Depending on the nature of the surface of the letter 200 or the beam splitting means 520, the two illumination light beams emitted from the two illumination units 510 and 515 cannot be completely split. However, the beam splitting means 520 according to the present invention is not limited to a means for completely splitting the light into the two illumination light beams. If the light amount due to the illumination light 410 and that due to the illumination light 415 independently influence the amount of two light beams split by the dichroic mirror 520, the image formed by the illumination light 410 and that formed by the illumination light 415 can be independently obtained by image processing in principle. Such a case is also incorporated in the present invention.

As far as image information can be obtained, any image sensing means such as a CCD line image sensor or a CCD area image sensor can be used. As the two image sensing means, any means capable of obtaining two desired images can be used. For example, two cameras, one camera including two CCD image sensors, or a CCD line image sensor 541 with a package including two lines of photodetecting portions, as shown in FIG. 49, may be used. One or two imaging lenses 536 can be used for the image sensing means 541. By using an image sensing means suitable for the arrangement, necessary and sufficient information can be efficiently collected.

Two light beams having different polarizing directions may be used in place of the two illumination light beams having different wavelengths, and a polarizing plate may be used as a beam splitting means for splitting the light. With this arrangement, the influence of the change in reflection ratio on the surface of the letter 200 due to the wavelength difference can be avoided, so step difference detection free from noise can be easily performed even for color printing.

The image processing means includes a function of calculating the difference between images obtained by illumination from different directions. However, another image processing for improving the detection accuracy, e.g., preprocessing of performing arithmetic processing of the difference or post-processing for the difference result may be further included.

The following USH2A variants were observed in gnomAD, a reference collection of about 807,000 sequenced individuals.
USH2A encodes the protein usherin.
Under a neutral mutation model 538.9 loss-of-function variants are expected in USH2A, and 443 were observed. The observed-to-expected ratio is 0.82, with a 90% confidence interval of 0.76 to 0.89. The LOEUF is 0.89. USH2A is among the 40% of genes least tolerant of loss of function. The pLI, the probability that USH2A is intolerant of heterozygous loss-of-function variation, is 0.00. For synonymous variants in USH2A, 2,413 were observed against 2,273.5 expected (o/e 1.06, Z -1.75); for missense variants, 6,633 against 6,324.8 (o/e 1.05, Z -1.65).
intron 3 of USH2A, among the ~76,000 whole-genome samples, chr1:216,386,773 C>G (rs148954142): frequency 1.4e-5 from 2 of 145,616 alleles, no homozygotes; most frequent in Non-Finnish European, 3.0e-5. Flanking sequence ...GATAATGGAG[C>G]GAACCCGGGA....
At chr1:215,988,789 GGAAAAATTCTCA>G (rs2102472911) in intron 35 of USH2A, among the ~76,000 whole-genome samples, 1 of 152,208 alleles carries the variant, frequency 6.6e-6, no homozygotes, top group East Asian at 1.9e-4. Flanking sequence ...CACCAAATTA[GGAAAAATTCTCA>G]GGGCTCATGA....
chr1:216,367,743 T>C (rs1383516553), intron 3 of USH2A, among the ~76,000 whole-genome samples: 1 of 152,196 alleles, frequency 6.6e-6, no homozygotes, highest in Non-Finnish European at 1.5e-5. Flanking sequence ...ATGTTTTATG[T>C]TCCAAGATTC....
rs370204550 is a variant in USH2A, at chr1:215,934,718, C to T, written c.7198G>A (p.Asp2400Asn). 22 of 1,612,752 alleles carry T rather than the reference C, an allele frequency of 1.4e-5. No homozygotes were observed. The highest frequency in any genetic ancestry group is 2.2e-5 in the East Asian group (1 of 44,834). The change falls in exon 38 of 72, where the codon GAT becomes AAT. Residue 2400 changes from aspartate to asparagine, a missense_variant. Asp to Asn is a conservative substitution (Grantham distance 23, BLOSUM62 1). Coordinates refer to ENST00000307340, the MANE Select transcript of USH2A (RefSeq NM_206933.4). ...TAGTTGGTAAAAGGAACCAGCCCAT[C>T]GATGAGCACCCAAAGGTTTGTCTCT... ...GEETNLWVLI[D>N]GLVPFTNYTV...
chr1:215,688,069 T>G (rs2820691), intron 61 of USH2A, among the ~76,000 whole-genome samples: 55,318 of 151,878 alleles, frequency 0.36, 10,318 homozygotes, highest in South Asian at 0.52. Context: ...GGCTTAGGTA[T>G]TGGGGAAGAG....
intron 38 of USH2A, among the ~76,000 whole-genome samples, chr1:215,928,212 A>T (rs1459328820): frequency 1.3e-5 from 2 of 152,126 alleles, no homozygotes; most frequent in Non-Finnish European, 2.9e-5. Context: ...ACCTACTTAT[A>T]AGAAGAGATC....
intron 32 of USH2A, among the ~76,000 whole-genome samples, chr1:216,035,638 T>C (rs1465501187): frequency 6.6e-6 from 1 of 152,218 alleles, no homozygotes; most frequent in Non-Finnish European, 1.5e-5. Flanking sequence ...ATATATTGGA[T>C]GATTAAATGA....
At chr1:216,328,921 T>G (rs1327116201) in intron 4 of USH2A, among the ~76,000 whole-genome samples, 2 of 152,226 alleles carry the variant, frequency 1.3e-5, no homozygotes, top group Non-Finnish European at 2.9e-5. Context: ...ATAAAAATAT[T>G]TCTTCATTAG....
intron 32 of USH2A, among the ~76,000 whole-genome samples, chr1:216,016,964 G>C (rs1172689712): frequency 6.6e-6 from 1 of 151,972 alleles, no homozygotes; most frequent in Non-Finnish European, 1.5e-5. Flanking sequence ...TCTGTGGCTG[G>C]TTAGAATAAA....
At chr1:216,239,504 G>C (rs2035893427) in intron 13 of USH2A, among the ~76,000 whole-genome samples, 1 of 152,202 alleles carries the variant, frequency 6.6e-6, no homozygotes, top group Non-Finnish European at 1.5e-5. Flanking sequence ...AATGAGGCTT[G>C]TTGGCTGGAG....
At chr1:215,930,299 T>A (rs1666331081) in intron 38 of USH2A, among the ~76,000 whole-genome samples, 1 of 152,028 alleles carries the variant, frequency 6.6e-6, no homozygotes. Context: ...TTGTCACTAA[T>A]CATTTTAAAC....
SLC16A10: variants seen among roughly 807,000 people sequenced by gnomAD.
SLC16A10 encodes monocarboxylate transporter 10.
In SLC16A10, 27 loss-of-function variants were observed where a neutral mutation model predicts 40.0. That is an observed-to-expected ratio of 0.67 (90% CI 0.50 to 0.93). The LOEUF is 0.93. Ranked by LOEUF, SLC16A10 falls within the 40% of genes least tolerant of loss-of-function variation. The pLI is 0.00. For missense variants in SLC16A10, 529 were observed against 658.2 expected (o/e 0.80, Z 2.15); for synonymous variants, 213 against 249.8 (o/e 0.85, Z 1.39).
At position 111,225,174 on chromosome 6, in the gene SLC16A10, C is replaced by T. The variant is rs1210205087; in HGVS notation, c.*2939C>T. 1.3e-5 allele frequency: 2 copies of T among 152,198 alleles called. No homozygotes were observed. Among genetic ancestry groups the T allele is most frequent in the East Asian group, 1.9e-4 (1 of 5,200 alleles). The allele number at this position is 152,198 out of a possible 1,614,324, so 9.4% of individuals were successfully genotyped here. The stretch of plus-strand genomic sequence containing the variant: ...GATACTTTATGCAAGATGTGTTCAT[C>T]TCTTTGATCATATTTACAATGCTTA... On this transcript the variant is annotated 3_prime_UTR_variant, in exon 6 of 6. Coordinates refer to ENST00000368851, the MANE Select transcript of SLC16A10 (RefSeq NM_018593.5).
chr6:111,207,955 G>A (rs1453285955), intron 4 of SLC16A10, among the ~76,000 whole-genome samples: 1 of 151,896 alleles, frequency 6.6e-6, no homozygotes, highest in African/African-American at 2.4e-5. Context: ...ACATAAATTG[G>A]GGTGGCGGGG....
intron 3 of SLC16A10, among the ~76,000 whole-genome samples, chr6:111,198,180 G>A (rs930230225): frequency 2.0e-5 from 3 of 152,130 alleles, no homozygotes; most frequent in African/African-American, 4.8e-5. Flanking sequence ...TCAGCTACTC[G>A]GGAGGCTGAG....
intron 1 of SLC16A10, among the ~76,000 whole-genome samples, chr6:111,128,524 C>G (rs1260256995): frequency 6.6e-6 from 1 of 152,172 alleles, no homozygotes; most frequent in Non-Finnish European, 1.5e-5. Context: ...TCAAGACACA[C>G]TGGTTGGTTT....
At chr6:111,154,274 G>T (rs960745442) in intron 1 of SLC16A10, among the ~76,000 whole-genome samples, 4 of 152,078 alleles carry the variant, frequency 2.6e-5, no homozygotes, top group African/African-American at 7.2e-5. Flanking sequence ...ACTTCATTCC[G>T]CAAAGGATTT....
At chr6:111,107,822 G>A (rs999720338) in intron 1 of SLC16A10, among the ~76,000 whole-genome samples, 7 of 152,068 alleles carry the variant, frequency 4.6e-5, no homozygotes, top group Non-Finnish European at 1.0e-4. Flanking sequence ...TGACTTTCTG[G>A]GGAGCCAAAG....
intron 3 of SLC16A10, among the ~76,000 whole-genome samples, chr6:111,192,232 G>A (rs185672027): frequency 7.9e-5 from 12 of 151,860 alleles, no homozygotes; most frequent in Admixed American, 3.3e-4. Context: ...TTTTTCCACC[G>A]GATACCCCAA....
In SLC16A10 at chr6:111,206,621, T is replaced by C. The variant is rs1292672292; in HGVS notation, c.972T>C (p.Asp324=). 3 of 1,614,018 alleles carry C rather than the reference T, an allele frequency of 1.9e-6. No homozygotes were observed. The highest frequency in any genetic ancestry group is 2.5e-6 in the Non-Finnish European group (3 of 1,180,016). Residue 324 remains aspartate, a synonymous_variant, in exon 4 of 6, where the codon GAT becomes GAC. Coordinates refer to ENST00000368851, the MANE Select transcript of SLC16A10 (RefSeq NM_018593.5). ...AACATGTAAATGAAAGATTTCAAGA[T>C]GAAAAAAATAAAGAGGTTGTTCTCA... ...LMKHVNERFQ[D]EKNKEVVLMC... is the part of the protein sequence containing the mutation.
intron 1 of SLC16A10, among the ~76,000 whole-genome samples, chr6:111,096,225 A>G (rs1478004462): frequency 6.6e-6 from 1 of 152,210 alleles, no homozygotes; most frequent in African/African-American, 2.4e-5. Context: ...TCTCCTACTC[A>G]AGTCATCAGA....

As described above, various modifications can be made, and these modifications are incorporated in the present invention within the spirit and scope of the present invention.

12th Embodiment

FIG. 53 shows a step difference detection processing apparatus according to the 12th embodiment.

This step difference detection processing apparatus is used as a letter carrying/distributing apparatus for sorting mail items with address labels. This apparatus sorts a letter 200 to be processed while carrying the letter 200. The letter 200 is carried by the belt of a carrying mechanism of the letter carrying/distributing apparatus. First, a three-dimensional shape on the surface of the letter 200 is read by a surface shape reading section 111 comprising a step difference detection apparatus having the arrangement of the above-described 11th embodiment. The letter 200 whose three-dimensional shape is read by the surface shape reading section 111 is carried to an image reading section 112 side to sense the image of characters or the like written on the surface of the letter 200.

A position information extracting section 113 for label and address window determines whether a label or an address window is present, on the basis of the information of the three-dimensional shape read by the surface shape reading section 111. If a label or an address window is present, the position information of the label or address window is output. An image information extraction section 114 for label and address window extracts the image information of the label or address window from the image information obtained by the image reading section 112, on the basis of the position information of the label or address window obtained by the position information extracting section 113. The extracted image information is sent to an address information recognition section 115. If no label or address window is present, all image information is sent to the address information recognition section 115. The address information recognition section 115 performs image processing of, e.g., analyzing the address information by character recognition/knowledge processing on the basis of the image information of the label or address window portion. How to distribute mail items is determined, and a processing instruction for sorting mail items is sent to a letter carrying/distributing apparatus. The letter carrying/distributing apparatus distributes the letter in accordance with the instruction.

When the step difference detection apparatus of the present invention is applied to the letter carrying/distributing apparatus, the address can be efficiently and properly recognized, and the mail items can be properly and quickly sorted.